A copyist can be defined as a person who:

  • Wants to be paid to write a certain number of words
  • Is drawn to writing as a job, not as a calling
  • Is not trained or highly experienced in any specific writing style
  • Doesn’t have any industry specializations
  • Doesn’t have a unique perspective to share
  • Isn’t expecting to be highly compensated as they don’t expect to provide high-quality work

Merriam-Webster defines a copyist as “a person who transcribes” or “an imitator.” –Copyblogger

Belle: A Lesson About British Slavery Buried in a Love Story – For everyone who thinks that historical Romance set in 19th C Britain has to feature white protagonists, here’s a true story for you: Dido Elizabeth Belle, whose mother was a slave and whose father was a British Royal Navy officer, was raised by her great uncle, the first Earl of Mansfield. The same man who adjudicated the famous Somerset case, in which a slave who escaped in England sued for his freedom on the basis of English common law. “Belle,” the film produced on the basis of the story, will be released in the US in May.

Somerset was freed. Though Mansfield could have gone further in his decisions, both laid legal groundwork for the abolitionist movement and eventually led to the slave trade being outlawed in Britain in 1807 and slavery being abolished in the British Empire in 1833. And as the filmmakers and many historians argue, Dido Elizabeth Belle must have had an impact on Lord Mansfield’s thinking. He didn’t have children of his own and had afforded Belle what was an unheard-of degree of privilege and status for an illegitimate black child at the time. –The Root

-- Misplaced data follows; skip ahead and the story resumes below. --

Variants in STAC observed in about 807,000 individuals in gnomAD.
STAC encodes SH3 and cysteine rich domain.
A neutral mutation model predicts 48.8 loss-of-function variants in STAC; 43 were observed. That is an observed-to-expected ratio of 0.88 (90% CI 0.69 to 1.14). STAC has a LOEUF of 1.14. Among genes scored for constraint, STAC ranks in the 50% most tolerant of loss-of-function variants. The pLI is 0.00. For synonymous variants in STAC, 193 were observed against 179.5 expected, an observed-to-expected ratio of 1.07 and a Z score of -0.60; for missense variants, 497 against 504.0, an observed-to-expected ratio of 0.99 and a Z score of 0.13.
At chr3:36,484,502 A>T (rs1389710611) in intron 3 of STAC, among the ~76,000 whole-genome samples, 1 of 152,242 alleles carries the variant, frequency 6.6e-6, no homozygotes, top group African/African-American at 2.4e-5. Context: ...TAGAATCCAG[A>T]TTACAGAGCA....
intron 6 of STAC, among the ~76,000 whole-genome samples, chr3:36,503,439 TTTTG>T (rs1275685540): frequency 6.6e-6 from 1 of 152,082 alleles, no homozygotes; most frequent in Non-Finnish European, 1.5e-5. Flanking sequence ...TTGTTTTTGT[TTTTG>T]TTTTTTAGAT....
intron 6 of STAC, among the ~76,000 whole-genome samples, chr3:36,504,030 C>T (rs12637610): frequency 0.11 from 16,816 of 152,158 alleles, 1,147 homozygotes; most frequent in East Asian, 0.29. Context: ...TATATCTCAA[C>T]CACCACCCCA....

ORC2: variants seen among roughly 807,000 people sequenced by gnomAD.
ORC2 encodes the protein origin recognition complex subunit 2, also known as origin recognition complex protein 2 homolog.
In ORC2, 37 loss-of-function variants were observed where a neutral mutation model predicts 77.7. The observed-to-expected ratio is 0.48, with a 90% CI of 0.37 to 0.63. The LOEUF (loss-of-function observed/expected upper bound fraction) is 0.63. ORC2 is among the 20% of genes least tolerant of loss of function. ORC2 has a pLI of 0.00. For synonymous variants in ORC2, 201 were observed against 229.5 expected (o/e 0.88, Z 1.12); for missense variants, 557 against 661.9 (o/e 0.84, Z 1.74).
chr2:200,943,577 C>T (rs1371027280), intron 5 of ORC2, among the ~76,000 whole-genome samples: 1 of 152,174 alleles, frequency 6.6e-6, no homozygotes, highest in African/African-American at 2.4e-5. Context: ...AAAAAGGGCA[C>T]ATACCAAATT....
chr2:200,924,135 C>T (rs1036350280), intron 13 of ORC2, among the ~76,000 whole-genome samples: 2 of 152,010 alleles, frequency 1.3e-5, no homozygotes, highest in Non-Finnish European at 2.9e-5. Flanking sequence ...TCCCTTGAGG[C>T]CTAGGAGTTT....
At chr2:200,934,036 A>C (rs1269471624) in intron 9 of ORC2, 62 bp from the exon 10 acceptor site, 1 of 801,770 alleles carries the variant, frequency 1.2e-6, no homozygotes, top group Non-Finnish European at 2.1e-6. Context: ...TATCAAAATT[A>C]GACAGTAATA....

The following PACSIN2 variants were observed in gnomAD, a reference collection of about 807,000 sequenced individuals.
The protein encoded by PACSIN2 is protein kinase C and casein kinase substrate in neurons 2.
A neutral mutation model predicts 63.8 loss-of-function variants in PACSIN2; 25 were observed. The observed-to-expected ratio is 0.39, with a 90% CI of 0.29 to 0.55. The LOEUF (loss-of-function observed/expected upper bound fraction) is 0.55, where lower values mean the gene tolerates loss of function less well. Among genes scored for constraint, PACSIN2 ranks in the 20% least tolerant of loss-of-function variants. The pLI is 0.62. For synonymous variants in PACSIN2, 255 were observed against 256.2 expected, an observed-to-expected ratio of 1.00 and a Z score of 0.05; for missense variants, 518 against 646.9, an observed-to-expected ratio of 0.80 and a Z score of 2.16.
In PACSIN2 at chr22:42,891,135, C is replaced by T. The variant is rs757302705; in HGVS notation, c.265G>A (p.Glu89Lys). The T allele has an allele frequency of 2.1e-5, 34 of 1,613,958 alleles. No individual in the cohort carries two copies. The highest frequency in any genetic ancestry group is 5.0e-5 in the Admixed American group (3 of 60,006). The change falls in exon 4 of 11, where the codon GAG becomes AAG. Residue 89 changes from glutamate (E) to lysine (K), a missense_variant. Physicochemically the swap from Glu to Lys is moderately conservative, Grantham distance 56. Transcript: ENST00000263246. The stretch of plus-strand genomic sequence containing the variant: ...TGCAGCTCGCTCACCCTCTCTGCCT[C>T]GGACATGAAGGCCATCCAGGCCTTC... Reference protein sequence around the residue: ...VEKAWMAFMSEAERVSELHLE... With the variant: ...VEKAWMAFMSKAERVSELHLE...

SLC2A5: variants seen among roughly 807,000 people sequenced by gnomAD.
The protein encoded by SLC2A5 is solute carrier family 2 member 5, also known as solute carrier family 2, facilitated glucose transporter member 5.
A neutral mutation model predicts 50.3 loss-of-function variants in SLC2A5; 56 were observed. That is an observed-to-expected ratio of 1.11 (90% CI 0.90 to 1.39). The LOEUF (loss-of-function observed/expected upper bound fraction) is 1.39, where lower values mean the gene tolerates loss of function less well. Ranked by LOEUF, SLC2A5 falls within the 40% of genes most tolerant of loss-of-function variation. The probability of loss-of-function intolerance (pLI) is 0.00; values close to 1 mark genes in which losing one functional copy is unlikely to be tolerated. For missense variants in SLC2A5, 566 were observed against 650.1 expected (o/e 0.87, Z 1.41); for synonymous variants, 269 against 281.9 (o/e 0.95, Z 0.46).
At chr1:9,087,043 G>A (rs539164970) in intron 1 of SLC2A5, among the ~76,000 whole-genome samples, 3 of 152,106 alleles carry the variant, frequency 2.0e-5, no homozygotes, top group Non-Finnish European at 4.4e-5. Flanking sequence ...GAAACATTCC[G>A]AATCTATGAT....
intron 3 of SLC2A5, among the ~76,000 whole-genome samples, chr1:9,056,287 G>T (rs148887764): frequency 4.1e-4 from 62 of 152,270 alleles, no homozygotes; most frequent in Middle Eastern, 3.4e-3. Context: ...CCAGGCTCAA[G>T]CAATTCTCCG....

isn't sure if she's an average Romance reader, or even an average reader, but a reader she is, enjoying everything from literary fiction to philosophy to history to poetry. Historical Romance was her first love within the genre, but she's fickle and easily seduced by the promise of a good read. She approaches every book with the same hope: that she will be filled from the inside out with something awesome that she didnʼt know, didnʼt think about, or didnʼt feel until that moment. And she's always looking for the next mind-blowing read, so feel free to share any suggestions!


  1. CG
    Apr 18, 2014 @ 07:15:52

    Tried to comment but got this msg “Sorry, but our system has recognised you as a spammer. If you believe this to be an error, please contact us so that we can rectify the situation.”

  2. CG
    Apr 18, 2014 @ 07:16:21

    Tried to comment but got this msg “Sorry, but our system has recognised you as a spammer. If you believe this to be an error, please contact us so that we can rectify the situation.” Used a couple html tags in the post but only for italics, not links.

  3. Lostshadows
    Apr 18, 2014 @ 08:57:10

    I got pinged as a “spammer” a couple of days ago. The only link was in the “Your Website” field.

  4. Ani Gonzalez
    Apr 18, 2014 @ 09:02:46

    Whoa! I bought that scale last month for my Science Olympiad team. Seriously creeped out right now.